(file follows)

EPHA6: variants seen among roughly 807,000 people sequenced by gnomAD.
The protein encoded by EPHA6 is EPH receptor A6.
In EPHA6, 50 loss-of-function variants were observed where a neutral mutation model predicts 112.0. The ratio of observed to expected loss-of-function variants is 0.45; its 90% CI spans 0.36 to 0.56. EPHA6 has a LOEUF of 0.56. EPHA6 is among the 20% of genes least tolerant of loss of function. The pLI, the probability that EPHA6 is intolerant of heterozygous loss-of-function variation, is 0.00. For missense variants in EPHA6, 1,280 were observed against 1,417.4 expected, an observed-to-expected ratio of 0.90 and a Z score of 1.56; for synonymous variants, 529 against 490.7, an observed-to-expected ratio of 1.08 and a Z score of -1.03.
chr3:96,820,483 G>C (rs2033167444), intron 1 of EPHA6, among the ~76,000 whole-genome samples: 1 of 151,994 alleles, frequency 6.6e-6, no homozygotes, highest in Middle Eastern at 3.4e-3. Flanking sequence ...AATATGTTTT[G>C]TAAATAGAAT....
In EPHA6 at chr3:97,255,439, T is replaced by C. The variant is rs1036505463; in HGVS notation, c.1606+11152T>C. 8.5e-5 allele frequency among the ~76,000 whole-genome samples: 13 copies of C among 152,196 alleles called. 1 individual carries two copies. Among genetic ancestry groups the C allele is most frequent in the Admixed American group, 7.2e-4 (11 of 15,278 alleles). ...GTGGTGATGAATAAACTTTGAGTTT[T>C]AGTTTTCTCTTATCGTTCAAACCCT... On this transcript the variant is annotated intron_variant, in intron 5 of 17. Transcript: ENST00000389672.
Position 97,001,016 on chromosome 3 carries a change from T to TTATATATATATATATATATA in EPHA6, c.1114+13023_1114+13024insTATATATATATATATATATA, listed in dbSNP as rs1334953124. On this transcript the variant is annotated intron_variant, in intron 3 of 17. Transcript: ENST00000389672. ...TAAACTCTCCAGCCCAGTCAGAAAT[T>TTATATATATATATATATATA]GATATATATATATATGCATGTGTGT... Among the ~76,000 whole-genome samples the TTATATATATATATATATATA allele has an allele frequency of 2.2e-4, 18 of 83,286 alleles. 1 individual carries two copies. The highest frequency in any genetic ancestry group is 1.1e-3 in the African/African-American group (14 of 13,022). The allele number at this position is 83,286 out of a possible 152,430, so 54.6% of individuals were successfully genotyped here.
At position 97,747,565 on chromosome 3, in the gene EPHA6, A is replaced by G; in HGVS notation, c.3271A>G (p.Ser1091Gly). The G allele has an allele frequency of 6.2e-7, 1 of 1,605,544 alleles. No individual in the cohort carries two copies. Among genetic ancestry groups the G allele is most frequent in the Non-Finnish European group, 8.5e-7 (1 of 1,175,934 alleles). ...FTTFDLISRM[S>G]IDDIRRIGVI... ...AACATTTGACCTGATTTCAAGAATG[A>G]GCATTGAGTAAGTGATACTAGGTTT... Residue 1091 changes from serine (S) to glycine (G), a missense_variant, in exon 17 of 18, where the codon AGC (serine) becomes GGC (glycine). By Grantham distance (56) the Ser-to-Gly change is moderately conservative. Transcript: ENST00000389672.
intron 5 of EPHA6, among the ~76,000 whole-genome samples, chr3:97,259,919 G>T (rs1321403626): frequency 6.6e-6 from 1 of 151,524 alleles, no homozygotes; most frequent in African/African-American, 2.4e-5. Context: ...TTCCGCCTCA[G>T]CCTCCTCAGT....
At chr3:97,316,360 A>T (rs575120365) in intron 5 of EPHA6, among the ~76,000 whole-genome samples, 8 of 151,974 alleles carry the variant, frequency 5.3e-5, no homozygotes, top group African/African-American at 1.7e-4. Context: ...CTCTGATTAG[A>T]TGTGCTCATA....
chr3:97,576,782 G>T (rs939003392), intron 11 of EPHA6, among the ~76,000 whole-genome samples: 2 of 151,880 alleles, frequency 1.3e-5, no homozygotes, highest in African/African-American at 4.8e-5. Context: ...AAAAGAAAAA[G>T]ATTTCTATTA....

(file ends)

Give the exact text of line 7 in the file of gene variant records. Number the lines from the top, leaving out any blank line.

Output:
At position 97,747,565 on chromosome 3, in the gene EPHA6, A is replaced by G; in HGVS notation, c.3271A>G (p.Ser1091Gly). The G allele has an allele frequency of 6.2e-7, 1 of 1,605,544 alleles. No individual in the cohort carries two copies. Among genetic ancestry groups the G allele is most frequent in the Non-Finnish European group, 8.5e-7 (1 of 1,175,934 alleles). ...FTTFDLISRM[S>G]IDDIRRIGVI... ...AACATTTGACCTGATTTCAAGAATG[A>G]GCATTGAGTAAGTGATACTAGGTTT... Residue 1091 changes from serine (S) to glycine (G), a missense_variant, in exon 17 of 18, where the codon AGC (serine) becomes GGC (glycine). By Grantham distance (56) the Ser-to-Gly change is moderately conservative. Transcript: ENST00000389672.